How Interpreting Helps to Support Native Language Speakers
Over the past 100 years at least 400 languages have become extinct. Linguists have revealed that by the end of this century an estimated 50 per cent of the 6,500 languages that are still in use today will have totally disappeared. The global movement of people who flee their own countries does so because they either feel their lives are under threat or they are trying to escape a life of poverty. Currently, there are just ten languages in the world that cover 50 per cent of the world population. The chances are that those fleeing their own countries will end up in a country that speaks one of those ten languages so sooner than later either they or their children will use that host country’s language as their main language.
Employing Interpreters can help New Immigrants Save Face
When people come to live in a new country it is important that they are able to communicate from the day they arrive. If they are refugees or asylum seekers they may not yet be fluent in their host country’s language. This is when interpreters can help fill the gap. If they are made available in schools, hospitals, driving test centres and taxation officers it would minimise the chance of miscommunication between parties who need to communicate on important matters. It also means new immigrants in a new country save the embarrassment of being misunderstood.
Four Types of Interpreters
Despite the fact that interpreters basically share similar skills, there are still some key differences in the interpreting industry.
1. Simultaneous Interpreting
A simultaneous interpreter listens to the speaker and translates what is said directly afterwards. This sort of interpreting takes place at key meetings like the European Union Parliament. We see it happening over and over again when watching a replay. The interpreter sits inside a soundproofed booth and listens to the speaker through the use of headphones. S/he then translates what is being said into a microphone which transmits the translation through radio waves and those who want to listen to use headsets.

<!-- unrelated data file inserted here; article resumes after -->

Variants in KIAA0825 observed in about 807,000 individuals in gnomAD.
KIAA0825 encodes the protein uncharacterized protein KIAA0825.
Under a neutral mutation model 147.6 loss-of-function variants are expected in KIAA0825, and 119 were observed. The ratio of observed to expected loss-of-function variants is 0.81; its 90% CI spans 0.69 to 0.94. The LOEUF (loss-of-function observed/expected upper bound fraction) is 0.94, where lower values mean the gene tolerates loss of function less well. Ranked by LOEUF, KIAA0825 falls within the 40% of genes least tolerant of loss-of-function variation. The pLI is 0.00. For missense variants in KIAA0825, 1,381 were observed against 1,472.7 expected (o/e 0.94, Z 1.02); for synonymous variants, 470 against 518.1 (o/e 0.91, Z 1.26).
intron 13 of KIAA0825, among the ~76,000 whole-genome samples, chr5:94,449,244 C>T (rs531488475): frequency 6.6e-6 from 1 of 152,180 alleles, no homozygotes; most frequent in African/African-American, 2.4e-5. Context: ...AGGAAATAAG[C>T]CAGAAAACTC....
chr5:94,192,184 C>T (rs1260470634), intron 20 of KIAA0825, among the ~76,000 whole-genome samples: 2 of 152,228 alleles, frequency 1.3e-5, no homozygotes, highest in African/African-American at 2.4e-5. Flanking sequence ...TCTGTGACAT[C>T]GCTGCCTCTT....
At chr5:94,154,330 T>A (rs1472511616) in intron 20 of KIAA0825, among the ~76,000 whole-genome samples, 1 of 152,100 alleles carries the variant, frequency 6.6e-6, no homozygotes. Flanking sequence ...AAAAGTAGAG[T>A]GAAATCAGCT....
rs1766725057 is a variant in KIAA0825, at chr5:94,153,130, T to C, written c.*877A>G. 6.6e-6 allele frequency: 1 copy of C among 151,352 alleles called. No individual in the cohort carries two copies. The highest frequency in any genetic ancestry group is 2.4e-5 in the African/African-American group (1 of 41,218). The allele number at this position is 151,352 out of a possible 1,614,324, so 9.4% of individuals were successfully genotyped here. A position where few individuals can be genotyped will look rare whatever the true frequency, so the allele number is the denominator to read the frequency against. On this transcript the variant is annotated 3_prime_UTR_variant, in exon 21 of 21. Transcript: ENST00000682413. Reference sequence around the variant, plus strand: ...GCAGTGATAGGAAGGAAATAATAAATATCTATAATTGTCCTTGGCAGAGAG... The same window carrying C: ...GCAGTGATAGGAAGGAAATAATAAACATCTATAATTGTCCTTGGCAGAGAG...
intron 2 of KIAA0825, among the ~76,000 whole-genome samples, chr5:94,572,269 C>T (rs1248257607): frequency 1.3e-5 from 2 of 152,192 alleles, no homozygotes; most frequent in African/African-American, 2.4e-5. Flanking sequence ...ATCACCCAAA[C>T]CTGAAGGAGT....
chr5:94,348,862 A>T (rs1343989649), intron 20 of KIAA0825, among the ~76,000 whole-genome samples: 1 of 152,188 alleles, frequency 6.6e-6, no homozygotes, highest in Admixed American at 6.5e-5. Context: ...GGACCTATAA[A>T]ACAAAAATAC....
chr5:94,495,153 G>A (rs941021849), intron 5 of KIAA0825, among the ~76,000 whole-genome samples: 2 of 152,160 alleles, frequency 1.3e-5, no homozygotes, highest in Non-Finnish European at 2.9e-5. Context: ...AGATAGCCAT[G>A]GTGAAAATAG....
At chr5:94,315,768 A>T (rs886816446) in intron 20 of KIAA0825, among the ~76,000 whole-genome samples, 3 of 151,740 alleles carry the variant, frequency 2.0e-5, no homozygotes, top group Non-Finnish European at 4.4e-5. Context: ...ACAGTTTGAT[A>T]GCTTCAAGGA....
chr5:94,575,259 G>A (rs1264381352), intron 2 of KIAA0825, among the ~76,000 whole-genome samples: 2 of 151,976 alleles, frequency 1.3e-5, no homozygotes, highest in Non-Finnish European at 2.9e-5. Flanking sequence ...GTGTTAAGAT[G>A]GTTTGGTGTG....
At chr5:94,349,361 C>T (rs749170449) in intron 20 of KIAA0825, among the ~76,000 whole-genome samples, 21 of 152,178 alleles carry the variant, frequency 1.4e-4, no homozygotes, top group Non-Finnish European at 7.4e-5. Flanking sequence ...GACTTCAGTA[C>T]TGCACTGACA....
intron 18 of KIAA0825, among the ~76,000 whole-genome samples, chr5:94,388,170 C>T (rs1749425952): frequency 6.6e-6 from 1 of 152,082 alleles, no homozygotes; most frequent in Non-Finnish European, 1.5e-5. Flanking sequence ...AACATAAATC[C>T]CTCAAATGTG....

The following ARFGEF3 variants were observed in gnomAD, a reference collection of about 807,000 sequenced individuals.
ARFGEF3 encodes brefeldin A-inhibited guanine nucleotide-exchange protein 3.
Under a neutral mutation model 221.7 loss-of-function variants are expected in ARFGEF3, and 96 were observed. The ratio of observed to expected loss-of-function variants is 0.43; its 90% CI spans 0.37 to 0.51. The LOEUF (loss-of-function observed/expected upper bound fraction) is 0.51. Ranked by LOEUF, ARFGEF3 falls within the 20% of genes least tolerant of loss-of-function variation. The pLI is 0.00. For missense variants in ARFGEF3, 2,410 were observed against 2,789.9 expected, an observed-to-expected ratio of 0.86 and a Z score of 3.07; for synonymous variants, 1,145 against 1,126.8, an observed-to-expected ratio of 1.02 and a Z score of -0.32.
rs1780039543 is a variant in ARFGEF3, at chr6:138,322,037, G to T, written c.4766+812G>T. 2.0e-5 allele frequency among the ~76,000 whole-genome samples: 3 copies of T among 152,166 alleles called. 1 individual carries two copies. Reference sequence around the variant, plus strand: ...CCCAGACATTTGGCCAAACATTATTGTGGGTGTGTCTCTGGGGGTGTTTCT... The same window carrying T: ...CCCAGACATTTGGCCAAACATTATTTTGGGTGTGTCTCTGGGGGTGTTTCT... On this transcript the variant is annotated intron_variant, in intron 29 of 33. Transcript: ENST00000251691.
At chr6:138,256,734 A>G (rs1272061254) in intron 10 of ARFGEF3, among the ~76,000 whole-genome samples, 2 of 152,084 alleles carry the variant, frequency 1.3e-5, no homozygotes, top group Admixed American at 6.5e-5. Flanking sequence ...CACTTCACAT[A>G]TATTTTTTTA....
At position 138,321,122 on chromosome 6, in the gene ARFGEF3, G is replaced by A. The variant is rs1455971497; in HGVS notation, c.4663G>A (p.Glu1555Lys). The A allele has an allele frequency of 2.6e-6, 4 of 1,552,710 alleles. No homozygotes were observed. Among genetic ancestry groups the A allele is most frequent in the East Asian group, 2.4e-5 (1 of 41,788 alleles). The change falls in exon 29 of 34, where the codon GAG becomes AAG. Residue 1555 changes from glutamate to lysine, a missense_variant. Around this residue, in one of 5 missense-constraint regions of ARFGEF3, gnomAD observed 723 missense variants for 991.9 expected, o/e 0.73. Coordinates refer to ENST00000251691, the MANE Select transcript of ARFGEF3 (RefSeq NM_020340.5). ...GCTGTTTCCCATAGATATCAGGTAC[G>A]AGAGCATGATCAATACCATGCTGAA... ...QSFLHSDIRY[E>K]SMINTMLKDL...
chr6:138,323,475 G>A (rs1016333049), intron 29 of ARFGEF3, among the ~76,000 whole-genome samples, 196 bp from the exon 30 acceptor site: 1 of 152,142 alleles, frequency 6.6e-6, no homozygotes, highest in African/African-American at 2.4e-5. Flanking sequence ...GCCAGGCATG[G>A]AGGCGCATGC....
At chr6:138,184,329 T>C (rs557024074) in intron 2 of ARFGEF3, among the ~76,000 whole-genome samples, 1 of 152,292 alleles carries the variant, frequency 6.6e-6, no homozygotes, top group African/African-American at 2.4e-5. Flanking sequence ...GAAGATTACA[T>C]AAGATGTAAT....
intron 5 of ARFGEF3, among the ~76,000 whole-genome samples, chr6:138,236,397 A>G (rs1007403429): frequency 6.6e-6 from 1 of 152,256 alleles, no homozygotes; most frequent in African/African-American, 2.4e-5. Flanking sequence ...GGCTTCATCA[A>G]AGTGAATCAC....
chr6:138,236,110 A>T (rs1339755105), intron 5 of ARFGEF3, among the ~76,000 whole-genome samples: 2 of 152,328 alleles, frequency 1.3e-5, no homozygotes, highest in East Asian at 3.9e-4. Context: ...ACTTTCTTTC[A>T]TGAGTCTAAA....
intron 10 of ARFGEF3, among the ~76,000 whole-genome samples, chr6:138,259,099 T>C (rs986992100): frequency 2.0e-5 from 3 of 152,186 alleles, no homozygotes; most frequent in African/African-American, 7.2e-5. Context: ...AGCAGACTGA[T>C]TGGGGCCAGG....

2. Consecutive Interpreting
A consecutive interpreter is a little different from a simultaneous interpreter as the former translates a speaker’s words when they pause. This type of interpreter is typically found in face to face encounters, like at course cases, in meetings and during interviews, etc. Two or more people can be involved with one single interpreter. The difficult part for the interpreter is remembering what the speaker said.
3. Whisper Interpreting
With whisper interpreting the interpreter sits alongside the person(s) who require the translation and whisper the words that are being said, so no one else nearby is disturbed.
4. Phone Interpreting
A phone interpreter typically uses consecutive interpreting via the phone. It takes place between one or more people. A phone interpreter usually works in a remote setting and when s/he answers the phone the interpreting begins between the sharing parties. This is the type of interpreting most commonly found in the public service sector and in places where face to face communication is not possible.
To summarise, the different kinds of interpreting offer new migrants and their families a go-between while they learn the language of their host country.